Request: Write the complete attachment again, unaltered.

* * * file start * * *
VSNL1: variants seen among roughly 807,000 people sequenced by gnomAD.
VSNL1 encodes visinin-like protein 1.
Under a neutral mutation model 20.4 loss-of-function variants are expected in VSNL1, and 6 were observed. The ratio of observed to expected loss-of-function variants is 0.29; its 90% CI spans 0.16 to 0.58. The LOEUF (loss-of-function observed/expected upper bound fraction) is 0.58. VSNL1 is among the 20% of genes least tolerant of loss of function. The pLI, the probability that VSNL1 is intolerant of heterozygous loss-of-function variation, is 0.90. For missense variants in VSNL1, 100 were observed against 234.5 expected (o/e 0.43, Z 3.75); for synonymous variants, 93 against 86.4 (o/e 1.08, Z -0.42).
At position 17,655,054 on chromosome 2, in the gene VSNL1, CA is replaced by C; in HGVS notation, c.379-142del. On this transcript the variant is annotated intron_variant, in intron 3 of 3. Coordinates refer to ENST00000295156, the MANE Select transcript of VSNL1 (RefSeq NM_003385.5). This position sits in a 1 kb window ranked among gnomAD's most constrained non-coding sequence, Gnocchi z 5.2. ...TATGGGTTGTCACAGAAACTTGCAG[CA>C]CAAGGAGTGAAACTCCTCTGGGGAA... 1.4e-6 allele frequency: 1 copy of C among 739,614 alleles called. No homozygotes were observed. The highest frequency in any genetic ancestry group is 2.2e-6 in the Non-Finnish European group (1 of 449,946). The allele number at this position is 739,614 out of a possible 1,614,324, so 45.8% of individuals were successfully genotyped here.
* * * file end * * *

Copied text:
VSNL1: variants seen among roughly 807,000 people sequenced by gnomAD.
VSNL1 encodes visinin-like protein 1.
Under a neutral mutation model 20.4 loss-of-function variants are expected in VSNL1, and 6 were observed. The ratio of observed to expected loss-of-function variants is 0.29; its 90% CI spans 0.16 to 0.58. The LOEUF (loss-of-function observed/expected upper bound fraction) is 0.58. VSNL1 is among the 20% of genes least tolerant of loss of function. The pLI, the probability that VSNL1 is intolerant of heterozygous loss-of-function variation, is 0.90. For missense variants in VSNL1, 100 were observed against 234.5 expected (o/e 0.43, Z 3.75); for synonymous variants, 93 against 86.4 (o/e 1.08, Z -0.42).
At position 17,655,054 on chromosome 2, in the gene VSNL1, CA is replaced by C; in HGVS notation, c.379-142del. On this transcript the variant is annotated intron_variant, in intron 3 of 3. Coordinates refer to ENST00000295156, the MANE Select transcript of VSNL1 (RefSeq NM_003385.5). This position sits in a 1 kb window ranked among gnomAD's most constrained non-coding sequence, Gnocchi z 5.2. ...TATGGGTTGTCACAGAAACTTGCAG[CA>C]CAAGGAGTGAAACTCCTCTGGGGAA... 1.4e-6 allele frequency: 1 copy of C among 739,614 alleles called. No homozygotes were observed. The highest frequency in any genetic ancestry group is 2.2e-6 in the Non-Finnish European group (1 of 449,946). The allele number at this position is 739,614 out of a possible 1,614,324, so 45.8% of individuals were successfully genotyped here.